Humanistic Compassion: My New Religion

Humanistic Compassion: My New Religion

A Spiritual Director once asked me to consider what my values would be if religion wasn’t in the picture. This question made almost no sense to me because I had been long trained in the belief that, without a religion or faith, one would be adrift in the moral ocean, incapable of consistency in his/her direction.

Nevertheless, I did my homework and pondered what I valued, even if there was no God up above telling me what to value. Some of what I came up with were very simple beliefs, nothing to write home about – I believed in fighting for my family…doing what it took to be healthy for them so my wife had a husband and my kids had a dad; I believed in doing work that felt like it contributed to the well-being of others; I believed in friendship and the power of companionship for those who are lonely or suffering…

I doubt if anyone wants to write the next best-seller based on my somewhat ordinary beliefs, but nevertheless, for me, these were somewhat earth-shattering. For the first time, I felt like I had picked my passions as opposed to being told what they were supposed to be. It’s like the difference between being a kid who plays football because he dad makes him and being that same kid whose dad leaves the picture and he finally gets to choose for himself.

And as I mulled all of this over, it became clear that I had one value that seemed to be defining the others: people, and in particular, the “little guy.” It’s certainly not earth-shattering to say that people are what really matter during our time here on earth. There are even cliches to help me drive home the point, like the bumper sticker that says, “No One Ever Says, ‘I Wish I Spent More Time at the Office.'”

But even if I was merely acting out a cliche, I felt autonomous for the first time in my life: This is what I believe in…This is what I want to center my life around…In post-modern parlance, “this is true for me” even if it’s not true for someone else.

Because of my belief in the value of people, I have gotten more than a little upset lately when people place their ideals about what the American flag stands for above the black mother of a teenage boy who has just been shot by police because he dresses like his friends do and looks like he’s up to no good. How can people fail to see that, even if you hate the protesters, their protest is on behalf of people who are oppressed, and every time one of us who is well-off and white opens her mouths to tell a pro football player to respect the flag, it’s actually an expression that perpetuates the mistreatment of black people. In these cases, we are putting ideals above human beings. Ideals should be held to firmly but only insofar as they serve individual human beings.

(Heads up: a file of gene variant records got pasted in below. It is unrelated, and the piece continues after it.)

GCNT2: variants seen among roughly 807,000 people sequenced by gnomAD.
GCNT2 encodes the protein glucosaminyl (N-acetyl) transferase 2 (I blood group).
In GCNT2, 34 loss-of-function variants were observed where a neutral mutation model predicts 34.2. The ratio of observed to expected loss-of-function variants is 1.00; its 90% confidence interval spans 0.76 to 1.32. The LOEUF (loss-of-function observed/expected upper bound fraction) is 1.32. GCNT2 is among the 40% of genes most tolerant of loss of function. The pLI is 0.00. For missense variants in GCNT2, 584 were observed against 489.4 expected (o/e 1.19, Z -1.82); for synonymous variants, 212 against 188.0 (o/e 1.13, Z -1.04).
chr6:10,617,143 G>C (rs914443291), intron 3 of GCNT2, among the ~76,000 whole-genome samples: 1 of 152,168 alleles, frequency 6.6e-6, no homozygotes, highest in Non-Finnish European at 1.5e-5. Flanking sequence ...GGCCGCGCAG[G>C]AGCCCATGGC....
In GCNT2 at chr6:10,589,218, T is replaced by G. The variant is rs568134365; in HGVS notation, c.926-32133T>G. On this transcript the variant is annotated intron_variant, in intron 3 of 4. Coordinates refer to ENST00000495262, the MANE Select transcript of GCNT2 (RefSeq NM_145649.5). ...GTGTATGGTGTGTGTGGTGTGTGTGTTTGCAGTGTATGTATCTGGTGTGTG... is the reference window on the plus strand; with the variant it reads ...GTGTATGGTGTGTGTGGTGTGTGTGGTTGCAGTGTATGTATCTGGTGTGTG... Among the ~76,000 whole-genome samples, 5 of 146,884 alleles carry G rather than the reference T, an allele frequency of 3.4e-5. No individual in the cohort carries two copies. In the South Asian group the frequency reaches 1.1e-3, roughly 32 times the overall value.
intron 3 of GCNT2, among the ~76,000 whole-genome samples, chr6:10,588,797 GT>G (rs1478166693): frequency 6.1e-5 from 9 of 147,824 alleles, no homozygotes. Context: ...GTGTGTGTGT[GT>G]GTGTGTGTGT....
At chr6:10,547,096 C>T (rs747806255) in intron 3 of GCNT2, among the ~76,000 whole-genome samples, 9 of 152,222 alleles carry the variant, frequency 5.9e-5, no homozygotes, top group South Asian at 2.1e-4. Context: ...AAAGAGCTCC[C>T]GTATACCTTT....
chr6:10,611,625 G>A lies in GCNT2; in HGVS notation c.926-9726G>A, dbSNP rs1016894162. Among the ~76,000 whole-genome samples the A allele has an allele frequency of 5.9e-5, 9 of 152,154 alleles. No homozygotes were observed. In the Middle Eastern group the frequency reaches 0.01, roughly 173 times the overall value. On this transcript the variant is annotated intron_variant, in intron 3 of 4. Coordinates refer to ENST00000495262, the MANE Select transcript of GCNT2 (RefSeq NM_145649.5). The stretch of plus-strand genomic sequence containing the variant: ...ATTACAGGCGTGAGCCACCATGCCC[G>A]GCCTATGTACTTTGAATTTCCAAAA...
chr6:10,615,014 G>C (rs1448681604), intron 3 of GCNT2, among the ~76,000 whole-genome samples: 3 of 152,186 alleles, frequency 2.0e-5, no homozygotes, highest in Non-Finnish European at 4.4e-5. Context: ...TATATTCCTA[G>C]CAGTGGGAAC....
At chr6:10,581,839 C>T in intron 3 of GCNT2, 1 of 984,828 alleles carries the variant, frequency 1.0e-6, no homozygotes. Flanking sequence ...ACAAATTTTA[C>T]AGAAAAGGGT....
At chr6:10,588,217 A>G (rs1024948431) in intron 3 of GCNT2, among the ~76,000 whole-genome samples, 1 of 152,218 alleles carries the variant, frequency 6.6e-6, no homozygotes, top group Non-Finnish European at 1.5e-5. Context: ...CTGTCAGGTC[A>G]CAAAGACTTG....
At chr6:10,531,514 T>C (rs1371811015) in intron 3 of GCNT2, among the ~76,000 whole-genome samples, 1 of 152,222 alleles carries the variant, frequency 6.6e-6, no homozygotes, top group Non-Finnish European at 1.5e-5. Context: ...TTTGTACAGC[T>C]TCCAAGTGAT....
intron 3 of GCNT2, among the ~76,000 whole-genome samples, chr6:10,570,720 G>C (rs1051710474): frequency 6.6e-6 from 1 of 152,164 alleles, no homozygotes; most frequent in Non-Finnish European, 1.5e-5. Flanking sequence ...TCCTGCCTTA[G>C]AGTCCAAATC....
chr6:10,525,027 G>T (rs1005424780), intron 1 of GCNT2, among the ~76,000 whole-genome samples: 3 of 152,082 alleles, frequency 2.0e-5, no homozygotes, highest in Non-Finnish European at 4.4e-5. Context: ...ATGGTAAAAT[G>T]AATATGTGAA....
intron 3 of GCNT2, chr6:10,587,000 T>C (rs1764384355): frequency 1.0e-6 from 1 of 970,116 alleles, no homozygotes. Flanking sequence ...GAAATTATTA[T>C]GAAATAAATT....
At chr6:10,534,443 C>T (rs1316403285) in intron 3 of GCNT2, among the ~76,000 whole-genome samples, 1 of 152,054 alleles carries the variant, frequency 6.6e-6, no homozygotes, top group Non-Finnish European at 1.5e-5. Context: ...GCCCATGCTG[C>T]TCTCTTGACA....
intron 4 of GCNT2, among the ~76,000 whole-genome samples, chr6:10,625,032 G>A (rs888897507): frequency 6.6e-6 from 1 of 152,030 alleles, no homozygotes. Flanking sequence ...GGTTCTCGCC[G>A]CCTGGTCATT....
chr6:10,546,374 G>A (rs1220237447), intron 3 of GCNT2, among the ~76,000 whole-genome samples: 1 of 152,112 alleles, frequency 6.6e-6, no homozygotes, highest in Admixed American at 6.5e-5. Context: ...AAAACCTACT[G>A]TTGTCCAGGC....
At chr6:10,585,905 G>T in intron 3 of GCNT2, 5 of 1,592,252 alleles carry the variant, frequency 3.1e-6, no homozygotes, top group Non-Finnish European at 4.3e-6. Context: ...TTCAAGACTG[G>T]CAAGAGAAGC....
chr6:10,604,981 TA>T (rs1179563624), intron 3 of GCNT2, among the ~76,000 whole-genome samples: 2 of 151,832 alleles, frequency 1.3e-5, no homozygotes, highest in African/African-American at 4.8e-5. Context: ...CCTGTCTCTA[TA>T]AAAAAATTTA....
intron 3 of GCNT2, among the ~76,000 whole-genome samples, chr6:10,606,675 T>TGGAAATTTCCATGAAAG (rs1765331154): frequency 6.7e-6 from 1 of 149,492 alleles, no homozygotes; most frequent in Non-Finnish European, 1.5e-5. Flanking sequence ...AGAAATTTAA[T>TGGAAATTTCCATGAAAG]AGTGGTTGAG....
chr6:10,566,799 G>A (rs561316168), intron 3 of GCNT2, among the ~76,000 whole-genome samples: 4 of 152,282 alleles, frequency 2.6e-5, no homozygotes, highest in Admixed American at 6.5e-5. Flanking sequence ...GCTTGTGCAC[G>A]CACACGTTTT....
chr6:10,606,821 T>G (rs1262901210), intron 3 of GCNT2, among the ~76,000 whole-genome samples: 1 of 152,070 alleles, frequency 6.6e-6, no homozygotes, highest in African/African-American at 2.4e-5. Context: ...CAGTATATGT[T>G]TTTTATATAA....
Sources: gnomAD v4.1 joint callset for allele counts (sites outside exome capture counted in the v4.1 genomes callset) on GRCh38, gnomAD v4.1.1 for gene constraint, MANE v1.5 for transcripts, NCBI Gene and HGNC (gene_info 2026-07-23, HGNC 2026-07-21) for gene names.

Then there’s the presidential election. Once again, so many people put their ideals over and above the individuals they are supposed to serve. Both candidates prey on our collective fears: of people who come from somewhere else, of the economic harm the other guy will do if he gets his way, of the possible impact of having guns taken away, or the possible impact of having hardly any restrictions on gun purchases. What’s lost in this rhetoric of fear is a collective awareness that not all immigrants are out to get us and the countless middle-ground options on gun rights that might actually help us be protected…from ourselves. We – Democrats and Republicans and Independents – forget about the human beings who will be impacted, and instead we focus on winning an argument rather than serving our fellow man as we create policy.